Henry VIII: June 1524, 1-15

Pages 170-178

Letters and Papers, Foreign and Domestic, Henry VIII, Volume 4, 1524-1530. Originally published by Her Majesty's Stationery Office, London, 1875.

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June 1524

1 June. 391. VINCENT FINCH.
His will. Proved, 1 June 1524. Printed in Nicolas' Testamenta Vetusta, p. 613.
2 June.
R. O. St. P. VI. 304.
Has had no letters from Wolsey for many months, though he has written several times. Feels sure his letters have not arrived. Supposes he has heard all the plans of the war from Pace, who stayed with him some days. The French, after being driven from the duchy of Milan, crossed the Alps. Captured all the artillery they had in Italy. Bourbon's army are preparing to attack them in a few days. Remains with part of the army to protect Italy, till the French are defeated, or the Emperor sends other orders. Expresses his willingness to serve the King. Monte Caliero, 2 June 1524. Signed.
Lat., pp. 2. Add. Endd.
2 June.
R. O.
Mem. that Thos. Combes, of London, merchant, bound himself, on 2 June 16 Hen. VIII., in 300l. to appear before the court of Exchequer within 15 days from Michaelmas; and that Wm. Freeman, haberdasher, Hen. Astrye, mercer, and Thos. Crumwell, of St. Peter le Pover, gent., bound themselves for him in 100l. each.
ii. Petition of John Joly, of Watford, gent. Wm. Pegge, of Watford, offered to transfer to him the lease of land he had let to Pynson, carpenter, of London, and Joly gave him 20 mks. to give to Pynson for the lease, but Pegge has made a new lease containing clauses which were not in Pynson's.
Draft, in Cromwell's hand; pp. 4.
4 June.
R. O. St. P. VI. 305.
Sends the news since the arrival of Sir Richard Jerningham in England. A monk has been sent to Wolsey from the French king's mother, but without any distinct authority to treat for peacc. Wolsey refused to listen to any overtures of this kind, except substantial persons were sent, sufficiently authorised, to the King and the Emperor, to treat on these matters. On the monk asking what the King would ask for his part, Wolsey replied, the whole realm and crown of France, with Normandy, Gascoigne, Guienne, and its dependencies, as the King's rightful inheritance. When the conference was over, despatched the monk, ordering the pursuivant to convey him to Calais without departing from the straight road.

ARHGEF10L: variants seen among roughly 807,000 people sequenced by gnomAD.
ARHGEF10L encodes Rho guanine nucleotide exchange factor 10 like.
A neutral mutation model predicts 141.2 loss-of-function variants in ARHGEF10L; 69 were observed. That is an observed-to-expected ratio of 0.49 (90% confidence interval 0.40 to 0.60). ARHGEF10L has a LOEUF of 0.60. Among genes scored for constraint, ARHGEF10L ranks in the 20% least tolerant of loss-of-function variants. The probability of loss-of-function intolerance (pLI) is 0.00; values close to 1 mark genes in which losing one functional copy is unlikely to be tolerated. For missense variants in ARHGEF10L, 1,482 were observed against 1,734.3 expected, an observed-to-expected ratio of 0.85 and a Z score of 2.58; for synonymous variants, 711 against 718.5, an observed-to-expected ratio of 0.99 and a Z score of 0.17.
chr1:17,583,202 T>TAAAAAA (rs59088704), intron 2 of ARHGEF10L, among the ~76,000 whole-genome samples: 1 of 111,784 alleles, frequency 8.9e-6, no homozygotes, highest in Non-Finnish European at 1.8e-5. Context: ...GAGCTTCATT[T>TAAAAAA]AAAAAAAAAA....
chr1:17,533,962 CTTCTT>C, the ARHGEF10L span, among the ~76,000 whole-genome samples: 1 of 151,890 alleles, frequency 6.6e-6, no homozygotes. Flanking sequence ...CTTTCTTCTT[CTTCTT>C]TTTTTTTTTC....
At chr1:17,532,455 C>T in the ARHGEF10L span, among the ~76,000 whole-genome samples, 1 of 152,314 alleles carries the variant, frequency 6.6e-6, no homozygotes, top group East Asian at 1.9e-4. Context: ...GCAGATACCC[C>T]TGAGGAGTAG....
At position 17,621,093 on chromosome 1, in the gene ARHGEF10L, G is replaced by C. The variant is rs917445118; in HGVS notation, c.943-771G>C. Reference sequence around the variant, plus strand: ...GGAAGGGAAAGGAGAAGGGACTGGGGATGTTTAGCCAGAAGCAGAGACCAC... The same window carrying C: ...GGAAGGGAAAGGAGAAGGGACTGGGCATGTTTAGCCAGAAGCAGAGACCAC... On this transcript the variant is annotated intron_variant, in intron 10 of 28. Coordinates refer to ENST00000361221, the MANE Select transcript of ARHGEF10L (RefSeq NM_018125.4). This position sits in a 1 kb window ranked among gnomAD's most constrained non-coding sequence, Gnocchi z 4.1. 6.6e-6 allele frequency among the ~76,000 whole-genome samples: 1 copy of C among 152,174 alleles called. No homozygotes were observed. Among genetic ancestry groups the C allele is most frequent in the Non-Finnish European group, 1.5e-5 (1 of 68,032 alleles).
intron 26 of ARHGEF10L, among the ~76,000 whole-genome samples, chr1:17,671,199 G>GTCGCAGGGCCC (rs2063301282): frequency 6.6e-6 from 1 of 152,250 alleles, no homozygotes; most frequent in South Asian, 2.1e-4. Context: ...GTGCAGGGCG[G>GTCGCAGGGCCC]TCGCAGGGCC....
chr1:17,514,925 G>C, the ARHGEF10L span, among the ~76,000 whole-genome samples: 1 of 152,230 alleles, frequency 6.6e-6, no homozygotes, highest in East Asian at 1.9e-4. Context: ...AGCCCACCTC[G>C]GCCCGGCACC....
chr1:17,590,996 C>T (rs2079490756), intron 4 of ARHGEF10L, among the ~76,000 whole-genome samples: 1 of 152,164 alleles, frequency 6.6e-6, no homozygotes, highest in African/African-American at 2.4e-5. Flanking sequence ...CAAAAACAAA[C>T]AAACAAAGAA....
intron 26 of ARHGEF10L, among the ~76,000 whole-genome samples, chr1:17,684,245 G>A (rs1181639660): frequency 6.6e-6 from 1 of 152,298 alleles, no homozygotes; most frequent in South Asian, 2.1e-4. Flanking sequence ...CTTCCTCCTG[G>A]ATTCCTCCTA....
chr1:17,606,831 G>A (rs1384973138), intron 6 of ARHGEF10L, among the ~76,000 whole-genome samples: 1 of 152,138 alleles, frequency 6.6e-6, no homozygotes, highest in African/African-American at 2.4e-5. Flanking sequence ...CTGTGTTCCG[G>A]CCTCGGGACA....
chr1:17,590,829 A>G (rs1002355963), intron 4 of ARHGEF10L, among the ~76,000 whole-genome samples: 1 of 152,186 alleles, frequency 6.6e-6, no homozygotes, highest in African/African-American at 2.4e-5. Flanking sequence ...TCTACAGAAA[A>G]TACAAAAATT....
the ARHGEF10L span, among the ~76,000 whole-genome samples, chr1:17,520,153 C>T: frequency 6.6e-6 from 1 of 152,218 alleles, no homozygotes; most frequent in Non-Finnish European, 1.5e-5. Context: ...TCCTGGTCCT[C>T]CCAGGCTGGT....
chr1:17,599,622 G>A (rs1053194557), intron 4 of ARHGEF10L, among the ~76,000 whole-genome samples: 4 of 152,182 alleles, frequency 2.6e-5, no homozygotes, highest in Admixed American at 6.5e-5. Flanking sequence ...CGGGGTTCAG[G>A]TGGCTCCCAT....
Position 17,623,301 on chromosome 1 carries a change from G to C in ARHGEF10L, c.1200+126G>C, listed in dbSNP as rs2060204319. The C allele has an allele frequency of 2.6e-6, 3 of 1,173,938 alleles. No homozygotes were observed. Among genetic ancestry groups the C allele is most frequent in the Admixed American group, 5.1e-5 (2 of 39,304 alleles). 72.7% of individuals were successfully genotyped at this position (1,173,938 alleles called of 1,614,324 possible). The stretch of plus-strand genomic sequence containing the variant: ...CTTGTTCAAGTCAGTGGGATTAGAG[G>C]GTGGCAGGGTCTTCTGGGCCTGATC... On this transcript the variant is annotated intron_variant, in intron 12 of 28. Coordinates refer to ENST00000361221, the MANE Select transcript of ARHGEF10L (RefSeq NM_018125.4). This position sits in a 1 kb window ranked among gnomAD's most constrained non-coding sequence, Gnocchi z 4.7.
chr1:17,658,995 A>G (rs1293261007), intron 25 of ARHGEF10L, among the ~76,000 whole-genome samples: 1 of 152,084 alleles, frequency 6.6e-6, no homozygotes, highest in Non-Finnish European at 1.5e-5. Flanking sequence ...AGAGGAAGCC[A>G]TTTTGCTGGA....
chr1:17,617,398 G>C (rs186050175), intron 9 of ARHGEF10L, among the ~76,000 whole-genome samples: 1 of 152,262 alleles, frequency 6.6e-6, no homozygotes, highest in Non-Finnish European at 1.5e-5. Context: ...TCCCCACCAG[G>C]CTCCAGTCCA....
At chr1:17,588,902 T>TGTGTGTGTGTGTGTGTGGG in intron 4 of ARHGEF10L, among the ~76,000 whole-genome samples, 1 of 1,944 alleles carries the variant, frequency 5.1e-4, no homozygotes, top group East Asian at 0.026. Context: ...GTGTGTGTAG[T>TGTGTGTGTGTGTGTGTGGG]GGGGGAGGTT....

Since then the archbishop of Capua arrived. The subject of his communication will be known by the copies of letter which Wolsey encloses. They are to communicate these to the Emperor with all the specialties con- tained in the same. The Emperor will see what the King's grace has written touching his indemnity, and the expedition for next summer, in case the truce does not succeed.
Although the King has not been hasty in calling for his money, he expects that regard will be had to his interests in that behalf in his communications for peace. His Majesty and his army are ready to cross the seas next year. As the French king is enfeebled, and the Emperor not well furnished, his Grace will consent to a reduction of the numbers specified in the treaty of Windsor. They are to see if they can induce the Emperor to this arrangement, without specifying the exact numbers to be furnished by the King. Suggests the arguments they are to use for pressing this arrangement. They are to remind the Emperor that hitherto the King has received ro advantage, and it would not be reasonable that he should advance any puissant army, in person or by his lieutenant, solely for the emolument of another.